FarmLead Breakfast Brief
Wednesday, October 11th, 2017
“Opportunities are like sunrises. If you wait too long, you miss them.”
– William Arthur Ward (American poet)
At 7:05 AM CDT in the North American futures markets (*not cash prices*):
(all prices in dollars per bushel unless otherwise indicated)
$1 USD = $1.2506 CAD, $1 CAD = $0.7996 USD)
Dec Corn: -1.5¢ (-0.45%) to $3.478 USD or $4.349 CAD
Nov Soybeans: -0.3¢ (-0.05%) to $9.658 USD or $12.078 CAD
Dec Soybean Meal (per short ton): -$0.30 (-0.1%) to $315.90 USD or $395.07 CAD
Dec Soybean Oil (cents per lbs): +0.02¢ (+0.05%) to 33.13¢ USD or 41.43¢ CAD
Dec Oats: +1.3¢ (+0.5%) to $2.508 USD or $3.136 CAD
Dec Wheat (Chicago): -2¢ (-0.45%) to $4.333 USD or $5.418 CAD
Dec Wheat (Kansas City): -3.3¢ (-0.75%) to $4.28 USD or $5.353 CAD
Dec Wheat (Minneapolis): -0.3¢ (-0.05%) to $6.173 USD or $7.719 CAD
Dec Canola: -0.2¢/bu / -$0.10/MT (-0.02%) to $8.978/bu / $395.88/MT USD or $11.229/bu / $495.20/MT CAD
Yesterday’s Winnipeg ICE Close
Dec Barley: unchanged at $2.577 USD or $3.222 CAD
Dec Durum Wheat: unchanged at $6.115 USD or $7.821 CAD
Dec Milling Wheat: -2.7¢ (-0.45%) to $5.092 USD or $6.368 CAD
A Warm-Up to the WASDE
Grain markets are mostly in the red this Wednesday morning, despite the somewhat-bullish reports released yesterday.
Soy oil and canola aren’t necessarily in that camp though as Malaysian palm oil stocks topped 2 million tonnes for the first time in 19 months.  Malaysian palm oil exports also disappointed. This continues to weigh on soy oil and canola prices.
NAFTA renegotiations are gaining more headlines as Mexico, America, and Canada head to their fourth round of talks in Washington, D.C. During the negotiations, the U.S. is expected to be aggressive in their demands.  Should a deal not be worked out, it would negatively impact agricultural industries in all three countries.  Mexico has already threatened to reduce its corn imports from the United States without a deal.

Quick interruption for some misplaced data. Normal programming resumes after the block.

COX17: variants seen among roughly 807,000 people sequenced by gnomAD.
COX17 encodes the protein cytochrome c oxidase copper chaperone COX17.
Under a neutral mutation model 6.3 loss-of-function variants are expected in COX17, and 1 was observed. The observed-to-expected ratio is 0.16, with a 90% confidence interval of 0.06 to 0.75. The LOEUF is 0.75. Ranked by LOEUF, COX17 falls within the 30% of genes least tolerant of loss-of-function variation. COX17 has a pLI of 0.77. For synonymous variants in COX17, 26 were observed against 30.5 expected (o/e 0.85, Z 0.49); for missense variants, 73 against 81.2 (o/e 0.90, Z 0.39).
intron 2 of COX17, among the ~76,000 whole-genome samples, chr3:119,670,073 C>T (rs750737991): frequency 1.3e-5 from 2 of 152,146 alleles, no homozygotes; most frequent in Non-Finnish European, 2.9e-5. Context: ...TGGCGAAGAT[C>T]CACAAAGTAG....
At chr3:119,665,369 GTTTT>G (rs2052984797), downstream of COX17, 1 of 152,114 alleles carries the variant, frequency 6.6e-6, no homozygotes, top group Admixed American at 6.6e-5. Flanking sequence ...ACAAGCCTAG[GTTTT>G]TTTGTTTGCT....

Heavier rains are expected to continue in southern Brazil and northern Argentina. In central and northern Brazil – the nation’s major grain-producing regions – temperatures are expected to stay in the 80s and 90s (Fahrenheit). Limited rainfall is in the forecast over the next month.
This dryness will negatively affect soil moisture conditions.
Rains have been falling in the U.S. though, which has stalled the harvest and fall-seeding campaigns.
The USDA Leaves Few Surprises
The USDA’s crop progress report arrived Tuesday, a day late due to the Columbus Day holiday. 
As Garrett mentioned in Grain Markets Today, the U.S. corn harvest was 22% complete, well behind the 5-year average of 37%. The market was expecting somewhere around 25% to 30%.
The report said that 36% of American soybean fields had been combined. This figure is also behind the 5-year average, which sits at 43%.
Also, 48% of the U.S. winter wheat crop has been seeded which was in line with expectations. This figure is ten percentage points behind the 5-year average for this time of year. Thanks to the delayed planting, only 25% of the crop has emerged, versus the usual 30% by now.
Where we wheat fell short of expectations yesterday was export shipments data. Numbers were about 20% lower than where they were a year ago and were the major contributor as to why prices fell yesterday.
Following Tuesday’s figures, the grain markets are looking at tomorrow’s October WASDE report.
We’ll take a deeper dive into expectations today, but a few estimates from on the other side of the equator will help give you a frame of reference.
CONAB Expects Big Brazilian Soybeans Crop
The Brazilian version of the USDA, CONAB, put out its estimates for the 2017/18 crop yesterday.
It confirms that we continue to know: Brazil is growing a lot of soybeans (and why we think they’re on the major bearish factors out there).
While CONAB is expecting yields to return to more normalized levels from their records in 2016/17, production is still expected to come in somewhere around 106 million to 108 million tonnes.
Last year’s record harvest was 114 million tonnes.